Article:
As a photography book designed to supplement a new album this book seems more like an extension of the same art project as if they grew up around each other organically. Perhaps it is Ms. Palmers' history as a performance artist that makes her a perfect model for being photographed as deceased in elaborate and evocative positions and locales. Doubtless she is enjoying herself, which eliminates any misogynistic or overly macabre connotations. She is not advocating murder; maybe the death of a persona over and over constantly remaking and destroying yourself or simulacra of yourself as an image. The images are sinister, don’t get me wrong, but Palmer clearly is a willing participant. Some shots seem to have taken careful preparation and planning, others seem more casual. As if she was out with friends and said to them "Hey, this would be a nice spot for an 'AFP is Dead' shot." She is lying partially naked in a field with golfers in the background, or on the gravel in some English public park. "Hey, get a shot of my foot in the foreground with Notre Dame and those Chinese tourists in the back." Others involve fake blood and other makeup effects, props, decaying rooms full of detritus; obvious stagecraft. In some photographs she is not the center of attention and you have to look around for her, as if she was Waldo's bloated corpse.
Often Palmer sings her songs with ether a rapid-fire pacing or slow drone, so it is a treat to have them on paper to explore at your leisure. Having images to go along with the songs gives you more insight into the artist's vision.
Neil Gaiman's fiction serves as pleasant accompaniment to the images. Most of the photographs seem to beg for a story to go along with the murder and he knows how to add mystery, humor, and a supernatural quality to the pictures. The concept is not new, I know of a book with the fiction of Harlan Ellison accompanying his favorite fantasy artist, but it is welcome in this book and does not seem forced. Also, micro fiction is a rather maligned genre and I am glad to see it showcased here, because Neil does it well.
Amanda has striking beautiful looks and an attractive body, and an impeccable taste in wardrobe, but it is still strange to see it mangled and bruised page after page. There is sentuality and sexuality here but it does not leave the ashen aftertaste of a snuff film. I would not have crafted this book to order but I did enjoy receiving it as a gift.
This is not pornography or the product of a sick deranged mind. I can clearly see the artistic merit and cathartic release. I would say this is a must for any Dresden Dolls or Amanda Palmer fan, worthy for consideration for the Gaiman completes, or for the lover of photography. But don’t leave it on your desk at work or on your coffee table unless you have open minded Bohemian friends. A cursory glance by the squeamish or prudish could lead to some misunderstandings and awkward silences or excuses.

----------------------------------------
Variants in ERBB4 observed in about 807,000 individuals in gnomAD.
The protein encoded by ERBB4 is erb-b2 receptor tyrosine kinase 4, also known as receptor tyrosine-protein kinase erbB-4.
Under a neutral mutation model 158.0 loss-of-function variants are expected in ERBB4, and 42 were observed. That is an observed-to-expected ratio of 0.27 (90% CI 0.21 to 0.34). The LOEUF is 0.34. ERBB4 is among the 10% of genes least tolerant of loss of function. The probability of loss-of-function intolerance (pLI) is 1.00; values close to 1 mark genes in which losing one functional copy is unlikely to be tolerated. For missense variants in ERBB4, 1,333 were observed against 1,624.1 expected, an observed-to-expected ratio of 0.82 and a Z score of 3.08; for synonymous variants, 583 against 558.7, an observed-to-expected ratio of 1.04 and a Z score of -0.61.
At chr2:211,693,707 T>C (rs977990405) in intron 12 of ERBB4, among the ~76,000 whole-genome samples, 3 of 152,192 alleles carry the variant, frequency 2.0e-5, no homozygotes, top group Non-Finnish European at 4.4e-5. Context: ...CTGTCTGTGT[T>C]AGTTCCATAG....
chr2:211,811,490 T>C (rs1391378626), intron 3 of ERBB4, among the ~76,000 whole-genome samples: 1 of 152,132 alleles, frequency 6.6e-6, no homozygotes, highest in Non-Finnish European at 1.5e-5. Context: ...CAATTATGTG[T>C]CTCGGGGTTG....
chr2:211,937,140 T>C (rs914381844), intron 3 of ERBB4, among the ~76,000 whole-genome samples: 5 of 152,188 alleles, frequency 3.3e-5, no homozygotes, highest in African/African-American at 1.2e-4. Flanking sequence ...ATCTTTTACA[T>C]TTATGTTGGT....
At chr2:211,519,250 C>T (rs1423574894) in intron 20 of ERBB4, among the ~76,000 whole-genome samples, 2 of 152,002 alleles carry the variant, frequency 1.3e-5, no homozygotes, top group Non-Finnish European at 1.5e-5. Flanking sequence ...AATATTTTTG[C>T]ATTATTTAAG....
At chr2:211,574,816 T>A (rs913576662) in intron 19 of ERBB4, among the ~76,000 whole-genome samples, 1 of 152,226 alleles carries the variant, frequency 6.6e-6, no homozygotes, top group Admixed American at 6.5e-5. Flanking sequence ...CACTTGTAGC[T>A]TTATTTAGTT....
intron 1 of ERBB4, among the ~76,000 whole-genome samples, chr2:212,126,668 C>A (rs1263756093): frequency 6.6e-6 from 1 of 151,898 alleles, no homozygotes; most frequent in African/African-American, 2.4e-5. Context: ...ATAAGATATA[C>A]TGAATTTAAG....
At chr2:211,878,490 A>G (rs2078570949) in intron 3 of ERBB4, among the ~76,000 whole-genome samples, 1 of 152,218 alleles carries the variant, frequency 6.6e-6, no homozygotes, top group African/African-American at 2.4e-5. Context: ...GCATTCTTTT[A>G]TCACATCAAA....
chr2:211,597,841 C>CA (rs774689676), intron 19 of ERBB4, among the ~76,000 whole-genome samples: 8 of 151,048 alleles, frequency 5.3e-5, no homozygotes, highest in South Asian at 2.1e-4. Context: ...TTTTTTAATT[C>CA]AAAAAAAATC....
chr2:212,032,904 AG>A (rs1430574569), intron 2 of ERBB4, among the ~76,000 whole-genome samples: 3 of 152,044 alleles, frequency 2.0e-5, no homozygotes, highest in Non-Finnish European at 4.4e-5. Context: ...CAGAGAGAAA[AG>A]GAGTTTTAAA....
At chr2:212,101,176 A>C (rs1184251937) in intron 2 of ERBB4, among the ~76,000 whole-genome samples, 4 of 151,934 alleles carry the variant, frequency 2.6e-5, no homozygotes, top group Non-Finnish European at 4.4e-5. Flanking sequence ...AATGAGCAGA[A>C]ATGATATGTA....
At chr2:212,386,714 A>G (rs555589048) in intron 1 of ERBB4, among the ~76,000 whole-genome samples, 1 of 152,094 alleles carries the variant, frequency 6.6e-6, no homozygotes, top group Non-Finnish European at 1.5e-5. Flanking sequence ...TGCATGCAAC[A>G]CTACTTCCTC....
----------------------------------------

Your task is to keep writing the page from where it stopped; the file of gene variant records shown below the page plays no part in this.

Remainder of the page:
So who killed Amanda Palmer? I think if you really take it all in objectively you will see that we all had the motive, means, and opportunity and all share jointly in the guilt and blame.
sempre um trauma viciante ver um trabalho de Amanda Palmer. bela participação de Neil Gaiman e de alguns colegas de trabalho dela. nem sei o que dizer sobre ensaio de Amandas mortas por ai em poses e composições diferentes... umas bem realistas... umas com pedestres assustados ao lado... haha...
I've always kinda liked Neil Gaiman -- the mythic status of his work and his crush-inducing good looks certainly don't hurt -- but I think it's taken until the age I am now to truly appreciate his writing. His sense of humour is very quiet and subtle, for one, and I think I'm only just beginning to realise that it's a thread running through even the most apparently 'serious' of his works. I received Who Killed Amanda Palmer as a Christmas present from my partner, who'd gotten through all of his Christmas shopping in one day and surprised me with a discounted display copy of this that he found in Forbidden Planet International. I remember that I'd wanted to go to the launch/signing there, as Gaiman and Palmer had rather been icons of my adolescence, but my listening to Amanda Palmer's music has dropped off over the past few years (although I enjoyed Theatre Is Evil), so that it took me a while to get around to reading my copy. It doesn't take long to read, and while I find myself less often in the mood for Palmer's ramped-up punk cabaret vision, this is an artist whose work is maturing, of which this oddball little book is further proof.